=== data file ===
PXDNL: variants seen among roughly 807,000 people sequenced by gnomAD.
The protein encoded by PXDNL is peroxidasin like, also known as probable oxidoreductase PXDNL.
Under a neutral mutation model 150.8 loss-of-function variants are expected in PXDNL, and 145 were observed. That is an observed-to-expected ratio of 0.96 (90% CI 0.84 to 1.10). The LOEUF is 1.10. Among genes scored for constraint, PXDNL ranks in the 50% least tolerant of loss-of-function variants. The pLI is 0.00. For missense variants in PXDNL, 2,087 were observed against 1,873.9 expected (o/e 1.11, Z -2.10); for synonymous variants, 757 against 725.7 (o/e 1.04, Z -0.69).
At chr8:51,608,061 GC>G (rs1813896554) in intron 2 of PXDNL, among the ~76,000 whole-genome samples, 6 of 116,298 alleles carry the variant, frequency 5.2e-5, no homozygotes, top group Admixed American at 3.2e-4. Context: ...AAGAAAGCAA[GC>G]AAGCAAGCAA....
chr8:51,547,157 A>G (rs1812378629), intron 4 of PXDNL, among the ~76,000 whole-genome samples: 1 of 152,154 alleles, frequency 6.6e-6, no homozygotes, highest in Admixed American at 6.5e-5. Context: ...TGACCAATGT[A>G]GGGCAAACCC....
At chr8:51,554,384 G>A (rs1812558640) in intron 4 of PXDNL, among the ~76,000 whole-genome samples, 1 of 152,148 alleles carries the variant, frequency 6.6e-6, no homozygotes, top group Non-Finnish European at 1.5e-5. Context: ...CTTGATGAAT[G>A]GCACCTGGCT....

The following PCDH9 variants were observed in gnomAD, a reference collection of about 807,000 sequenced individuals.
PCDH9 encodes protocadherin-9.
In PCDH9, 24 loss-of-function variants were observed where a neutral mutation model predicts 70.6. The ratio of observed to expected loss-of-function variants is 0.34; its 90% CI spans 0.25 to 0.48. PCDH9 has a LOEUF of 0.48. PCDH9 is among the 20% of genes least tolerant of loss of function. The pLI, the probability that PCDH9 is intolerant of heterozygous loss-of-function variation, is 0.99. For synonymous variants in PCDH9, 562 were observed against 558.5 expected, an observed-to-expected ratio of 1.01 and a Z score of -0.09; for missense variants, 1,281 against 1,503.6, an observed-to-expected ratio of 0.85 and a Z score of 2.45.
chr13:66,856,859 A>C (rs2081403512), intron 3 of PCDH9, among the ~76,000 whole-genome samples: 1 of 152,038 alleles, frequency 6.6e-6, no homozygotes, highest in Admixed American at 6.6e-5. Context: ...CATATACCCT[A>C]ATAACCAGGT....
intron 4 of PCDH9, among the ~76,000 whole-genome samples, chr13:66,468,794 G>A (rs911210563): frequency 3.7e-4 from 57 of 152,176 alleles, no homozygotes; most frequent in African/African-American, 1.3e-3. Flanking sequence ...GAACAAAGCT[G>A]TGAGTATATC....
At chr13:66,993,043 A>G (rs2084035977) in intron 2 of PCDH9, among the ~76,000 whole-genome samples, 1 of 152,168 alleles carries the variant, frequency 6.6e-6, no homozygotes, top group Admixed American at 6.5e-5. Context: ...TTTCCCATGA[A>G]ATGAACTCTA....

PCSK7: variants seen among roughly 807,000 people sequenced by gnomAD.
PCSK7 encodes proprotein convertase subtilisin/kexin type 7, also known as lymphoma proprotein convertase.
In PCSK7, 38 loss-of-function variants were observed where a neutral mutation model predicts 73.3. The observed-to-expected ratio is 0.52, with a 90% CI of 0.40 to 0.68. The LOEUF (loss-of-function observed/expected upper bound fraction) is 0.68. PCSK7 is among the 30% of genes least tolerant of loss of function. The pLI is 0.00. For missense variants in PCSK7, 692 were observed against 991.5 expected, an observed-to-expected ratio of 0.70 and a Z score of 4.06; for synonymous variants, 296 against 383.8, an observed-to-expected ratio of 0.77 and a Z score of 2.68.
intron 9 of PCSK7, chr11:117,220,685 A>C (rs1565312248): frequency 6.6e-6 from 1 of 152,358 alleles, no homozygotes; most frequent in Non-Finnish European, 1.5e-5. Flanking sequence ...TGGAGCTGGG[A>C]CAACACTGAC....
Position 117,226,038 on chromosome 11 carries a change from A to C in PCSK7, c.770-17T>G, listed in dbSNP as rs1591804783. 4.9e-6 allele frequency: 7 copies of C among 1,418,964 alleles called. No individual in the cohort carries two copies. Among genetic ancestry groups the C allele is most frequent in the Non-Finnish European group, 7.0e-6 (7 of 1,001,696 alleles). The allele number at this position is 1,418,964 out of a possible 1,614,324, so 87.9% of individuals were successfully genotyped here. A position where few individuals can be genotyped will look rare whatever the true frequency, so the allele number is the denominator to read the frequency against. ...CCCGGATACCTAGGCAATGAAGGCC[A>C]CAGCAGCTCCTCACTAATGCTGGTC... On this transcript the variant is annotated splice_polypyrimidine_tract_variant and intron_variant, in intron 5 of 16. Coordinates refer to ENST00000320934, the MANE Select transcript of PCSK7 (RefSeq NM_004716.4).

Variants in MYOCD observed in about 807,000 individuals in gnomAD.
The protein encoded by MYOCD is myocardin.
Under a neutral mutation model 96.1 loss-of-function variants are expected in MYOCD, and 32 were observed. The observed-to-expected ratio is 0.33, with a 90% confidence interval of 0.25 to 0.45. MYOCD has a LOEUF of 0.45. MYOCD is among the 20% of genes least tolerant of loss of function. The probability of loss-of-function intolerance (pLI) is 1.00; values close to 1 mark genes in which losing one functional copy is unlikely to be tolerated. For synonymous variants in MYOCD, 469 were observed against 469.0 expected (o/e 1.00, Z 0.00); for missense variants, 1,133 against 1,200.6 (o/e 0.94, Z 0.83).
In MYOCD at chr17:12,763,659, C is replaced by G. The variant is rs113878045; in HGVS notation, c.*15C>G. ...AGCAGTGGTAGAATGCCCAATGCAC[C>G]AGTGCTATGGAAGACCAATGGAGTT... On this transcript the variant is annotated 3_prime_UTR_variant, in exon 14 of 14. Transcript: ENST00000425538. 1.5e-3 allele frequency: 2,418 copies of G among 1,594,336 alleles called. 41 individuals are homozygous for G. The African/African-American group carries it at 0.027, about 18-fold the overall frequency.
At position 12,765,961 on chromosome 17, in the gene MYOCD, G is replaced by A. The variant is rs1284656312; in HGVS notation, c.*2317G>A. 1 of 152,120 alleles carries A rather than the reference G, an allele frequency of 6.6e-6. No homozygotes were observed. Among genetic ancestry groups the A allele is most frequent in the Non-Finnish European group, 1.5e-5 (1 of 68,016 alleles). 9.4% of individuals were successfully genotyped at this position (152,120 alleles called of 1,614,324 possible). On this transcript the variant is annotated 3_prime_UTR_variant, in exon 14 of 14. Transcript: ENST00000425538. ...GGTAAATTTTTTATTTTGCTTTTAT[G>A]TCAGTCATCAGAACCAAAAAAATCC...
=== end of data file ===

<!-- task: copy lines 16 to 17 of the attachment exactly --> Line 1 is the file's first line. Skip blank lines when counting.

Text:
intron 9 of PCSK7, chr11:117,220,685 A>C (rs1565312248): frequency 6.6e-6 from 1 of 152,358 alleles, no homozygotes; most frequent in Non-Finnish European, 1.5e-5. Flanking sequence ...TGGAGCTGGG[A>C]CAACACTGAC....
Position 117,226,038 on chromosome 11 carries a change from A to C in PCSK7, c.770-17T>G, listed in dbSNP as rs1591804783. 4.9e-6 allele frequency: 7 copies of C among 1,418,964 alleles called. No individual in the cohort carries two copies. Among genetic ancestry groups the C allele is most frequent in the Non-Finnish European group, 7.0e-6 (7 of 1,001,696 alleles). The allele number at this position is 1,418,964 out of a possible 1,614,324, so 87.9% of individuals were successfully genotyped here. A position where few individuals can be genotyped will look rare whatever the true frequency, so the allele number is the denominator to read the frequency against. ...CCCGGATACCTAGGCAATGAAGGCC[A>C]CAGCAGCTCCTCACTAATGCTGGTC... On this transcript the variant is annotated splice_polypyrimidine_tract_variant and intron_variant, in intron 5 of 16. Coordinates refer to ENST00000320934, the MANE Select transcript of PCSK7 (RefSeq NM_004716.4).